Anyone who claims, suggests, or even infers, that corn and soys are cheaper in the US, and/or who doesn't seem to understand that we're talking, in this context, about basic food products, including beef and pork which are, in Canada, effectively priced on an export basis, doesn't deserve any of my time. It isn't about what else may be cheaper, or more expensive in the US, the only point is that we, in Canada, have stupidly allowed 200-300% tariff barriers to exist solely for dairy and poultry products, where they remain as an island of by-gone stupidity, as well as a mill-stone to both consumers and non-supply managed farmers in a world where tariffs, and more-importantly, the mentality behind them, has long-since ceased to have any credibility, except of course in the fairy-tale world of Canadian agriculture. I get calls, and e-mails, almost every day from farmers, young and old, who are completely disgusted with, and by, everything supply management represents, but nothing disgusts the people who call me, more than the smugness of, and the patronizing attitudes of, as well as the completely-irrelevant arguments proffered by, supply management supporters. Insofar as complaining about the cost of parts for machinery, that is such small beer in the scheme of things, for anybody, especially since the advent of on-line shopping, and the ability to purchase many parts for all makes of machinery from companies like A&I, it's so much of a non-issue when compared to 200% plus tariffs, it's a complete red-herring. I'm glad you can afford to pay more than you need to pay to buy dairy and poultry products, and I'm glad you obviously aren't affected by the land-buying bullies in supply management, but over 30 million consumers, especially the poor ones, and most non-supply managed farmer would jump at the chance to do without being forced to subsidize, or be patronized by, 15,000 supply managed millionaires.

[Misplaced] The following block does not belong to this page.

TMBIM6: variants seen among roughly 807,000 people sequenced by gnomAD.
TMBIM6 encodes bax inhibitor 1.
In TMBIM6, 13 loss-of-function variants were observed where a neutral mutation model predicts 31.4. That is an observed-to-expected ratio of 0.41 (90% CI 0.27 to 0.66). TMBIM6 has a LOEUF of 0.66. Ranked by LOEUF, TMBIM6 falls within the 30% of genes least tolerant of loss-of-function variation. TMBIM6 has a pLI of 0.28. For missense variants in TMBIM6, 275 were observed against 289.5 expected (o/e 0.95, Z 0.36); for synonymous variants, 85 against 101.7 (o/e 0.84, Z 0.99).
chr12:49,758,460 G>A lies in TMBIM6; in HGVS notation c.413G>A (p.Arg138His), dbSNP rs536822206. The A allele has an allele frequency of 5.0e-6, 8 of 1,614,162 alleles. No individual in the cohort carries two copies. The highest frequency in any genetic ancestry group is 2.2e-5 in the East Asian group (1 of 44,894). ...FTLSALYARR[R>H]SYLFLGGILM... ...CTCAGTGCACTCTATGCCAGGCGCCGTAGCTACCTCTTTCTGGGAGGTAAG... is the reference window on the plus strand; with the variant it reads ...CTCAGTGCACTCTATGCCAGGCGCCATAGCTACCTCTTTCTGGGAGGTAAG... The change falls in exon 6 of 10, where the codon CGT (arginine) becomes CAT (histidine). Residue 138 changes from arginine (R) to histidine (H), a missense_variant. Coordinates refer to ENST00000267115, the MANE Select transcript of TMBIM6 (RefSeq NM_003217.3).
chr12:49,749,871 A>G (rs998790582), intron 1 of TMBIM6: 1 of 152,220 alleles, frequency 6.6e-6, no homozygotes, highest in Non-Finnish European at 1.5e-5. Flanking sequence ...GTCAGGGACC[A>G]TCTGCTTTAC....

Stephen Thompson, Clinton ON

When I wrote "everything costs more in the US", it should, of course, have been "everything costs less in the US" - Sometimes the arguments of supply management supporters are so stupid, it's hard to not make grammar mistakes in response.

Stephen Thompson, Clinton ON

I,m a Canadian Consumer and I don,t go south to buy dairy or chicken, we buy it in Canada and only go south to buy something you can,t find up here. Go vegan and you won,t have to worry about the sm farmers they will all disappear and you wont have to complain about them. Look at the manufacturing of a lot of farm produce not processed or manufactured in Canada any more , its terrible the processors that left this country because of low tariffs. Well folks I guess some has a or wants a CANADA FOR SALE sign on it I,m for one wants jobs here in Canada in farming and manufacturing not just in sales or government. Well I,m ready to hear the same comments from at least 3 people out of the 33,000,000 + people in Canada. MADE AND GROWN IN CANADA

Wake up and look ,the other countries want Canada to get rid of SM so they can control all of the agriculture in here. If you hate it that bad get a petition up to rid this country of the sm farmers. You preach like everyone is getting screwed look at the price of everything up here its outrages not just for SM produce. Maybe the government should own everything or just one company and they should be able to keep the price at a give away. Bet if you had quota you wouldn,t be screaming at everyone to get rid of it .